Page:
Scientists uncover a gene in the brain that can inhibit anxiety

Study reveals miR-483-5p's potential in reducing stress effects in male mice via Pgap2 repression.


Scientists have discovered a gene in the brain that drives anxiety. Modifying it can reduce anxiety levels, offering a potential drug target for anxiety disorders. Anxiety disorders affect 1 in 4 people, and trauma can trigger genetic changes in the amygdala, leading to anxiety disorders. Currently, available anti-anxiety drugs have limited efficacy. Developing potent drugs has been challenging due to a poor understanding of the neural circuits underlying anxiety. The study was led by researchers at the Universities of Bristol and Exeter and published in Nature Communications.

Anxiety disorders affect 25% of the population and are difficult to treat with available medications. The amygdala region of the brain is critical for the development of stress-induced anxiety, and various types of neurons contribute to anxiety-like states. MicroRNAs (miRNAs) are small RNA molecules that regulate gene expression, and the role of miRNAs in anxiety is not well understood.

The study identified miR-483-5p as a critical regulator of stress-related dendritic arbor and dendritic spine plasticity in the amygdala. The upregulation of miR-483-5p reduced anxiety-like behavior. The miR-483-5p-mediated repression of Pgap2 was identified as a critical molecular event that facilitated the consequences of psychological Stress.

Dr. Valentina Mosienko, one of the study’s lead authors and an MRC Fellow and Lecturer in Neuroscience at Bristol’s School of Physiology, Pharmacology, and Neuroscience, said: “Stress can trigger the onset of a number of neuropsychiatric conditions that have their roots in an adverse combination of genetic and environmental factors. While low-stress levels are counterbalanced by the natural capacity of the brain to adjust, severe or prolonged traumatic experiences can overcome the protective mechanisms of stress resilience, leading to pathological conditions such as depression or anxiety.

Furthermore, researchers found that upregulation of miR-483-5p in the basolateral amygdala is sufficient to produce an anxiolytic effect, meaning it reduces anxiety. This effect can be mimicked by either lentiviral overexpression of the miR-483-5p or shRNA-mediated suppression of the Pgap2 gene. Overexpression of both miR-483-5p and miR-483-5p-resistant Pgap2 prevents the effects of miR-483-5p on stress-induced changes to spine morphology and behavior.

Scientists have discovered a group of molecules in the brain, known as miRNAs, that can regulate multiple target proteins and control cellular processes in the amygdala, which is responsible for processing emotions such as anxiety. The researchers found that after acute Stress, there was an increased amount of one type of molecule called miR483-5p in a mouse amygdala. This increased miR483-5p suppressed the expression of another gene, Pgap2, which drives changes to neuronal morphology in the brain and behavior associated with anxiety. 

The team showed that miR-483-5p acts as a molecular brake that offsets stress-induced amygdala changes to promote anxiety relief. This discovery offers the potential for developing anti-anxiety therapies for complex psychiatric conditions in humans. Several organizations, including the Medical Research Council and the Leverhulme Trust, funded the study.

In this experiment, male mice were used to investigate the molecular events in the brain that underpin anxiety. The researchers focused on a group of molecules called miRNAs, which regulate multiple target proteins controlling the cellular processes in the amygdala. The mice were exposed to acute Stress to induce anxiety-like behavior. The team then measured the amount of miR483-5p in the amygdala. It examined the effect on the expression of another gene, Pgap2, involved in anxiety-related behavior.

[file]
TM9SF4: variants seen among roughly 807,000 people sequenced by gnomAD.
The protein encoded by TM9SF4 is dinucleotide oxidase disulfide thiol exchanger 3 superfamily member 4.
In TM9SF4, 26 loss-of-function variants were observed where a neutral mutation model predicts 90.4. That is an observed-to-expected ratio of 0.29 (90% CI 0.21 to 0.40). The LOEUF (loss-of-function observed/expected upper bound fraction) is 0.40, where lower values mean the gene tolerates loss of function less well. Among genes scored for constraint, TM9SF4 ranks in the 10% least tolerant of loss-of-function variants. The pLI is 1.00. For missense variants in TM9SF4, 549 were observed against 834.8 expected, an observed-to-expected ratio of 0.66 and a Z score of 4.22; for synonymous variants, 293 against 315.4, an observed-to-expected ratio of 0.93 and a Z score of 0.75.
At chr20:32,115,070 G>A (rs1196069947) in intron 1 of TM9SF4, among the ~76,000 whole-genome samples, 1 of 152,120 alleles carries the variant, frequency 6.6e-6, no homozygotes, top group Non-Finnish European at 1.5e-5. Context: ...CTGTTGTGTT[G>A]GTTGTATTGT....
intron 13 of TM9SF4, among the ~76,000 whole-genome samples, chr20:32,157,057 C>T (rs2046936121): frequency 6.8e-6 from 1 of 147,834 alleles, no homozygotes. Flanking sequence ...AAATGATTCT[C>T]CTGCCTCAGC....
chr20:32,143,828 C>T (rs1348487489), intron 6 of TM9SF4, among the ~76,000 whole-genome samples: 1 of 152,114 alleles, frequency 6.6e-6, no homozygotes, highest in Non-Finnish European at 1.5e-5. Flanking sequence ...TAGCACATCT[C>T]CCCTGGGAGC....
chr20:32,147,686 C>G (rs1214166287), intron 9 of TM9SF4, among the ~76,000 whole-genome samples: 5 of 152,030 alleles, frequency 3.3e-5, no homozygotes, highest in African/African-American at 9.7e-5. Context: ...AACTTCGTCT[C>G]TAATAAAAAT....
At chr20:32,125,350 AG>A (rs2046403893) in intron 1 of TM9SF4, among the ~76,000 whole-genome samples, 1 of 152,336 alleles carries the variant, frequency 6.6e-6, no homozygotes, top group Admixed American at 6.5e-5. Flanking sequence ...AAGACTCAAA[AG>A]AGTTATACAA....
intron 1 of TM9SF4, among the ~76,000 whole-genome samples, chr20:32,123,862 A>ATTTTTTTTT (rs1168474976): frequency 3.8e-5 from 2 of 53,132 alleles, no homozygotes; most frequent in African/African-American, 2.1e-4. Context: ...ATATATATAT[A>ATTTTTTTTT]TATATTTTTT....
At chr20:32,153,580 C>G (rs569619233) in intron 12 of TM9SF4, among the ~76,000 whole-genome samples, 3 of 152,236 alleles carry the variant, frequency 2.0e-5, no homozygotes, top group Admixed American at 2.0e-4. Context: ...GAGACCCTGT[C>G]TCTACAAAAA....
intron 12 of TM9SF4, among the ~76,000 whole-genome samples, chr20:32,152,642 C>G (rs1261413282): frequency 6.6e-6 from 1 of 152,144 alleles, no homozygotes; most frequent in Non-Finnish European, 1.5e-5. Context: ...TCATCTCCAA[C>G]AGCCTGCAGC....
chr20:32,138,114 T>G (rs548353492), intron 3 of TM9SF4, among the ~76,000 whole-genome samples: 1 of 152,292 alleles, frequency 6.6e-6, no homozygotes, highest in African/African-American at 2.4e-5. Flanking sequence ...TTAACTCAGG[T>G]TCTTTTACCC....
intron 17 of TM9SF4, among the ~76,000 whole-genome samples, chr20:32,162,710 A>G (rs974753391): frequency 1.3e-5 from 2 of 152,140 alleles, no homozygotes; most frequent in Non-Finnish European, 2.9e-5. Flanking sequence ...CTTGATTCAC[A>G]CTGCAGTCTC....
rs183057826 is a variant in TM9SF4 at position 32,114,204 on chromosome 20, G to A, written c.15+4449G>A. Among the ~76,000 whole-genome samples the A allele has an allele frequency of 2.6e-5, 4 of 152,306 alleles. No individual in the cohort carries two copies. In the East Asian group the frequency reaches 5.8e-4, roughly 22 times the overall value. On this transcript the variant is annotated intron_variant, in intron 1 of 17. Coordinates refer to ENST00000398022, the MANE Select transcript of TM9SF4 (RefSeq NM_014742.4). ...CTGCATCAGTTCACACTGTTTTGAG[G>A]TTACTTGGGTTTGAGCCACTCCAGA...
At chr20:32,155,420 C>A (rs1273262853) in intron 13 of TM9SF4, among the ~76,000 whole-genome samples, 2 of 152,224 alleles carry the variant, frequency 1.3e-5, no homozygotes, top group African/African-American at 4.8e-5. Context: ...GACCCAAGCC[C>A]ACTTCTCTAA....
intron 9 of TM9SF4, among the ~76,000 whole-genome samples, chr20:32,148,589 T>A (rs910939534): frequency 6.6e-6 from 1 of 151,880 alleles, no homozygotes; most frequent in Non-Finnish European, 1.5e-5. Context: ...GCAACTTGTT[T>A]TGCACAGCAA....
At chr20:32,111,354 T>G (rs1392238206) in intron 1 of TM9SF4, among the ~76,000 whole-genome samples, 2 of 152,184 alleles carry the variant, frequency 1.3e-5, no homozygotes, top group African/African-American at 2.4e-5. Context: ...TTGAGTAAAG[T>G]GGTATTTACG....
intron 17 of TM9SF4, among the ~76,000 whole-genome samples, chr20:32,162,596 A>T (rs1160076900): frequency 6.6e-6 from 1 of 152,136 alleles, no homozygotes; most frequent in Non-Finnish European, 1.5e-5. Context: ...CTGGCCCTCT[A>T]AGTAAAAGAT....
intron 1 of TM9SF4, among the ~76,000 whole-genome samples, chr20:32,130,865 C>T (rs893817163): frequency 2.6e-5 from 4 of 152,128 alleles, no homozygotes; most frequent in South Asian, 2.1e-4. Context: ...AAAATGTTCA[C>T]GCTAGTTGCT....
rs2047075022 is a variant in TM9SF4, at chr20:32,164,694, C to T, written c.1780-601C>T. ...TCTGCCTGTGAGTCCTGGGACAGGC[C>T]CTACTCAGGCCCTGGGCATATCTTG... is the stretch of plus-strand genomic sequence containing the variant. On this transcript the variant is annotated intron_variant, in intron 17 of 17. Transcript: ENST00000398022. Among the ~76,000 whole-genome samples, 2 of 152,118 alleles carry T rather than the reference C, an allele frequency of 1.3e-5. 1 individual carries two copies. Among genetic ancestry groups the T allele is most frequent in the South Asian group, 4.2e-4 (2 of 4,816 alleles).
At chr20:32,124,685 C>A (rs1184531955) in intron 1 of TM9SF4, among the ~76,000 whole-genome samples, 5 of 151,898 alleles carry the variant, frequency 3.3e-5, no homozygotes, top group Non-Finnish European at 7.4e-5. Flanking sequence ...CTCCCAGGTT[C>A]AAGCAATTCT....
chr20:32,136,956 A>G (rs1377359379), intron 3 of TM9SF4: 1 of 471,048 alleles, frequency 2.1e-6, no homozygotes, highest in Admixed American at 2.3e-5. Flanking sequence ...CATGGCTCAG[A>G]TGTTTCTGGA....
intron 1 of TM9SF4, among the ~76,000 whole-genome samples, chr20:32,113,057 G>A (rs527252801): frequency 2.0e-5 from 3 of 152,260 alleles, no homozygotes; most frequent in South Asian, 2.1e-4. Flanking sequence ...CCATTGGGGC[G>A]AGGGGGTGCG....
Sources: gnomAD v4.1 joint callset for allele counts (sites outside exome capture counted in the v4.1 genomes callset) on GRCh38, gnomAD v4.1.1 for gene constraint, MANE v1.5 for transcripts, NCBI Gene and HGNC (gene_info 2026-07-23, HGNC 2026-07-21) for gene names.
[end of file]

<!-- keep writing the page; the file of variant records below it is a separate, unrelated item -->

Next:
The researchers used a range of behavioral tests to investigate the effects of miR-483-5p on behavior. They also used in vitro electrophysiology to examine the effects on synaptic transmission in the amygdala. Overall, the study used a combination of molecular biology techniques and behavioral assays to investigate the role of miR-483-5p in regulating anxiety-related behavior in male mice.

The study found that an increase in miR-483-5p levels in the basolateral amygdala of male mice after acute Stress suppressed the expression of a gene called Pgap2, which led to changes in neuronal morphology and behavior associated with anxiety. This suggests that miR-483-5p acts as a molecular brake to offset stress-induced amygdala changes and relieve anxiety. The discovery of this pathway provides a potential target for developing novel anti-anxiety therapies.

These findings are significant as anxiety disorders are the most common psychiatric conditions currently diagnosed, affecting approximately 25% of the population at least once in their lifetime. However, the low efficiency of available anxiolytic therapies means that up to 50% of patients do not achieve complete remission despite multiple medication attempts. This limited success in developing effective anxiolytic drugs stems from insufficient knowledge of the neural circuits of anxiety and molecular events underpinning stress-related neuropsychiatric states.

The researchers hope that their findings will contribute to the development of more effective treatments for anxiety disorders and deepen our understanding of the neural circuits and molecular mechanisms underlying these conditions.

Journal Reference:

  1. Mucha, M., Skrzypiec, A. E., Kolenchery, etal. MiR-483-5p offsets functional and behavioral effects of Stress in male mice through synapse-targeted repression of Pgap2 in the basolateral amygdala. Nature Communications. DOI: 10.1038/s41467-023-37688-2


See stories of the future in your inbox each morning.